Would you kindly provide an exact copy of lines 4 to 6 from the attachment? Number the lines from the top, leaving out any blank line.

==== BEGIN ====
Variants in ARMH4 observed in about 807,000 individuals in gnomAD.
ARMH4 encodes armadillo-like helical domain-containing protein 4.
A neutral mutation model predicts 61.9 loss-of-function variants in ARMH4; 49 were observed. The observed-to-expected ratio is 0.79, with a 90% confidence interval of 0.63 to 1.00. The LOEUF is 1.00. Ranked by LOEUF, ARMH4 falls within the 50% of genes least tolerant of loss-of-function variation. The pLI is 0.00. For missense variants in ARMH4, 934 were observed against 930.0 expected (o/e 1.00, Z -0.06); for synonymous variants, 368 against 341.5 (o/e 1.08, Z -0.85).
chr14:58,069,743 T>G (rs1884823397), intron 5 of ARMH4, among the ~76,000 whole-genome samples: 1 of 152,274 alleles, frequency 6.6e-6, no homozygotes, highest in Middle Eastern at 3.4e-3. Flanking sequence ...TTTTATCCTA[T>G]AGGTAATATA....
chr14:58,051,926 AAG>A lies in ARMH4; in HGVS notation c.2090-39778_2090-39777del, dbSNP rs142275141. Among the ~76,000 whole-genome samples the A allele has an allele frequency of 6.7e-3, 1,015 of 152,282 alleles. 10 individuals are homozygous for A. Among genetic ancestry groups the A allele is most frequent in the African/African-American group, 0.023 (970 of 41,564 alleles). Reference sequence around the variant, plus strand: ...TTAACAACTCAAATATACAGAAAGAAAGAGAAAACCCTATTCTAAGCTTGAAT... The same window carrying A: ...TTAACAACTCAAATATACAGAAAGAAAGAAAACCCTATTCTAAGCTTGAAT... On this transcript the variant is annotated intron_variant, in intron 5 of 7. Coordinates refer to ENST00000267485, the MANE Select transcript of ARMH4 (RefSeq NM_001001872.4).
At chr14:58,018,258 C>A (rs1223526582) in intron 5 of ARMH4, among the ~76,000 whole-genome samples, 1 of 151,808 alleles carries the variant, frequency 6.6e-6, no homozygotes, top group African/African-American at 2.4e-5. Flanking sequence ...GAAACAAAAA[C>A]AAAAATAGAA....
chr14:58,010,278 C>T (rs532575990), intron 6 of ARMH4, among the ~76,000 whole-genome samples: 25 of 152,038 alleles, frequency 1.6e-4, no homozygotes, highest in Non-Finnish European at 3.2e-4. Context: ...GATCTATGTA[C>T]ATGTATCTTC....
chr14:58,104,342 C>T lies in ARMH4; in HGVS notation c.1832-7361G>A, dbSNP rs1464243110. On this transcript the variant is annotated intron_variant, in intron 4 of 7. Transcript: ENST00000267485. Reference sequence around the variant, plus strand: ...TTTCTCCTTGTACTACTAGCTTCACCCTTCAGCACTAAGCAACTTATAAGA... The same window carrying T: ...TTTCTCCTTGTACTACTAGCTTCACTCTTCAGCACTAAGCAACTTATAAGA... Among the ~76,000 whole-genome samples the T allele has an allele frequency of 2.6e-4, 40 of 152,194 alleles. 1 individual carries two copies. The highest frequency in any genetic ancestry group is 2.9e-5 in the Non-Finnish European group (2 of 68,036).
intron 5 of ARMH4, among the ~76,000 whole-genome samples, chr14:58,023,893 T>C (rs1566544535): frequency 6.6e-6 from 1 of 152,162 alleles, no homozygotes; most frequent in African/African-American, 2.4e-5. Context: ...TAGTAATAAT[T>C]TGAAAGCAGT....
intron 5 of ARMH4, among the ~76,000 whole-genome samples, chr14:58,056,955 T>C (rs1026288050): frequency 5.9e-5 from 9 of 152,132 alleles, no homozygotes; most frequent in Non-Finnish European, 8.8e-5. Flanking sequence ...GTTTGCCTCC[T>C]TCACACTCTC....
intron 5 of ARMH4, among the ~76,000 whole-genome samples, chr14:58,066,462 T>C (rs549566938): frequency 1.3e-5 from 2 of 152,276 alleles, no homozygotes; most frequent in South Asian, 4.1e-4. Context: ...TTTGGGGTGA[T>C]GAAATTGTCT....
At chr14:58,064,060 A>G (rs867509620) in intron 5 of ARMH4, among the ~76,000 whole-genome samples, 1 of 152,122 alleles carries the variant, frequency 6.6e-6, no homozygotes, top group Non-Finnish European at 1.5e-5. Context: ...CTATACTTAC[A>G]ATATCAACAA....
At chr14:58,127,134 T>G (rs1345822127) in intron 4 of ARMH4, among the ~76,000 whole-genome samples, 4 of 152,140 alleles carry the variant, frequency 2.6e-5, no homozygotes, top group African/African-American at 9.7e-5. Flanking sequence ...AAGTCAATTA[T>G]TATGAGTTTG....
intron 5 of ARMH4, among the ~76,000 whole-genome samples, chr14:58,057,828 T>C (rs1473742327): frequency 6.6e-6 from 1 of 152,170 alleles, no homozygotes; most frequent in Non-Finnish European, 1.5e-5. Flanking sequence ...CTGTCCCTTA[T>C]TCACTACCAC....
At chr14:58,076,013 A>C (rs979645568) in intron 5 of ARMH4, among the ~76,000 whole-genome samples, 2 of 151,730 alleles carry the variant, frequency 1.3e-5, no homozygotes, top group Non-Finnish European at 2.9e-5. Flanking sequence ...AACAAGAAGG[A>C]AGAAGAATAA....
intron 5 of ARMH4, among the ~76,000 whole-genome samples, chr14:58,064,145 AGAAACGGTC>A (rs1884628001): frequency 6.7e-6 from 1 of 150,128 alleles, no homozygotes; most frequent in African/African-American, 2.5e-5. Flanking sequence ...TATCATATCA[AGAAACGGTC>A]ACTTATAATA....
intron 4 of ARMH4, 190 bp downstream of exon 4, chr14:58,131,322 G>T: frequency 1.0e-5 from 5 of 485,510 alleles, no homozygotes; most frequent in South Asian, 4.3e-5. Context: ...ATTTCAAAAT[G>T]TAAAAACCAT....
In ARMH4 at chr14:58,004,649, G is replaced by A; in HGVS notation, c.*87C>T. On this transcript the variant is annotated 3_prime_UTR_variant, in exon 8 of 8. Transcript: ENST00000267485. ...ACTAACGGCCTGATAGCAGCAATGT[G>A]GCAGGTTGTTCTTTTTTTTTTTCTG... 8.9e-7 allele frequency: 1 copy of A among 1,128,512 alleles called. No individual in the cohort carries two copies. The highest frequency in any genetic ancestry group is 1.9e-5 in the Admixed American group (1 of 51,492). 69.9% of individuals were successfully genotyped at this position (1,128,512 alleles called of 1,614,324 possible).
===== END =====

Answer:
chr14:58,069,743 T>G (rs1884823397), intron 5 of ARMH4, among the ~76,000 whole-genome samples: 1 of 152,274 alleles, frequency 6.6e-6, no homozygotes, highest in Middle Eastern at 3.4e-3. Flanking sequence ...TTTTATCCTA[T>G]AGGTAATATA....
chr14:58,051,926 AAG>A lies in ARMH4; in HGVS notation c.2090-39778_2090-39777del, dbSNP rs142275141. Among the ~76,000 whole-genome samples the A allele has an allele frequency of 6.7e-3, 1,015 of 152,282 alleles. 10 individuals are homozygous for A. Among genetic ancestry groups the A allele is most frequent in the African/African-American group, 0.023 (970 of 41,564 alleles). Reference sequence around the variant, plus strand: ...TTAACAACTCAAATATACAGAAAGAAAGAGAAAACCCTATTCTAAGCTTGAAT... The same window carrying A: ...TTAACAACTCAAATATACAGAAAGAAAGAAAACCCTATTCTAAGCTTGAAT... On this transcript the variant is annotated intron_variant, in intron 5 of 7. Coordinates refer to ENST00000267485, the MANE Select transcript of ARMH4 (RefSeq NM_001001872.4).
At chr14:58,018,258 C>A (rs1223526582) in intron 5 of ARMH4, among the ~76,000 whole-genome samples, 1 of 151,808 alleles carries the variant, frequency 6.6e-6, no homozygotes, top group African/African-American at 2.4e-5. Flanking sequence ...GAAACAAAAA[C>A]AAAAATAGAA....